Is the tide turning? Is Bush loosing his grip? There do indeed seem to be signs that he has simply gone too far for many of his most ardent supporters.
The president launched a war today against the civil rights of gay citizens and their families. And just as importantly, he launched a war to defile the most sacred document in the land. Rather than allow the contentious and difficult issue of equal marriage rights to be fought over in the states, rather than let politics and the law take their course, rather than keep the Constitution out of the culture wars, this president wants to drag the very founding document into his re-election campaign. He is proposing to remove civil rights from one group of American citizens — and do so in the Constitution itself. The message could not be plainer: these citizens do not fully belong in America. Their relationships must be stigmatized in the very Constitution itself. The document that should be uniting the country will now be used to divide it, to single out a group of people for discrimination itself, and to do so for narrow electoral purposes. Not since the horrifying legacy of Constitutional racial discrimination in this country has such a goal been even thought of, let alone pursued. Those of us who supported this president in 2000, who have backed him whole-heartedly during the war, who have endured scorn from our peers as a result, who trusted that this president was indeed a uniter rather than a divider, now know the truth.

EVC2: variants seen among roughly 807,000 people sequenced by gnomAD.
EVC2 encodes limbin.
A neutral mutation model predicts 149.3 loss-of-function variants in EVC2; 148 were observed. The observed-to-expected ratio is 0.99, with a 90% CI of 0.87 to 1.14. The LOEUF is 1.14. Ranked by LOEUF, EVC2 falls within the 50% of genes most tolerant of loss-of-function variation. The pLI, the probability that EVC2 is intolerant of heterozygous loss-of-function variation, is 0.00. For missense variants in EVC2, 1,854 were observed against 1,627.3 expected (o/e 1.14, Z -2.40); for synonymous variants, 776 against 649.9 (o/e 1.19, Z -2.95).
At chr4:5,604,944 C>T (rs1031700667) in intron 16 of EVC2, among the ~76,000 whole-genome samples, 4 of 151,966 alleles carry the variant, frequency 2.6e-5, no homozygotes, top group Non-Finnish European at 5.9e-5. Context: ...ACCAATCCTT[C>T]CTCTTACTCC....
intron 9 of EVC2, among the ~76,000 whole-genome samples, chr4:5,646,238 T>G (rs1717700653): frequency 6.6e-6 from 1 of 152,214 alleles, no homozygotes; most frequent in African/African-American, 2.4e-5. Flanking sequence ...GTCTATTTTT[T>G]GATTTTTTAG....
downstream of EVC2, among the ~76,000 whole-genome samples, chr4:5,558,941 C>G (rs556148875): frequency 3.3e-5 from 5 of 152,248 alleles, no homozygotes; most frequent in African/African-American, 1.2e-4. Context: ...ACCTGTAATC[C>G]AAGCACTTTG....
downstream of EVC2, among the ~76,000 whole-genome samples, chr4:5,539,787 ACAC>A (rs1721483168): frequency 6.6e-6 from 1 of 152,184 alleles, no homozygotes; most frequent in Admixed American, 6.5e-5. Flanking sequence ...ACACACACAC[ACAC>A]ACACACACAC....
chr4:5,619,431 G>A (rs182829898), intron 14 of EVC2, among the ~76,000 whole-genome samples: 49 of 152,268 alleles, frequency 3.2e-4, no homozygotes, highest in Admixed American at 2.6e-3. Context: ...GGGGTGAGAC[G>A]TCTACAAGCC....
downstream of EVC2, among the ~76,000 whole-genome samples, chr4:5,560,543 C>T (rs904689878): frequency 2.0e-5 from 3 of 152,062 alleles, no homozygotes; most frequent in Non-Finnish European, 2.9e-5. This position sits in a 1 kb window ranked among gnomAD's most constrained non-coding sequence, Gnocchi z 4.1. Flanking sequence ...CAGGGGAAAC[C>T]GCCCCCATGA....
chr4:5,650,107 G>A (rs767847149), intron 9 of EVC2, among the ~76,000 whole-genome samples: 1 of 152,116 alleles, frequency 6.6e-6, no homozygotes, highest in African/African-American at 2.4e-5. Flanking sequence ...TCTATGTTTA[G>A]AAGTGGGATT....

And on February 11th, “Fox News anchor Bill O’Reilly, who was one of the most ardent supporters of the Iraq war, shocked his critics by apologizing to viewers for accepting Bush’s claims about Iraq’s WMD.” (More here.)
In January CNN reported “Conservatives stew as Bush spending grows.”
And there are even rumors of replacing Dick Cheney with Rudy Giuliani.
Joshua Marshall thinks that the marriage amendment shows an administration whose back is to the wall:
The White House didn’t want to have the president out last night making a slashing campaign speech in late February. They also didn’t want to start hitting the airwaves this early with their campaign commercials. And they definitely did not want the president jumping off the high dive into a gay rights culture war.
The strategy was to bank the president’s rock solid support from Republicans and spend the year above the political fray with soft sounding proposals aimed at the political middle.
But it hasn’t worked out that way.
And the polls show that popular support for Bush is slipping:
Bush’s approval rating in the poll has fallen to 48 percent (down 8 points since mid-January), the lowest Pew has ever recorded. His approval rating in the last month has dropped has dropped 9 points among white women, 10 points among those 30-49 years of age, 11 points among women under 50, 11 points among white Catholics (a critical swing group), 12 points among high school graduates, 12 points among white non-evangelical protestants and 16 points among those in rural areas.
But none of this seems to be slowing down Bush’s fundraising efforts. In the end this will not be an election about policy issues, morality, or even security — it will be about democracy. Can the financial support of the very richest people in the country reelect an increasingly unpopular Bush? I hope not.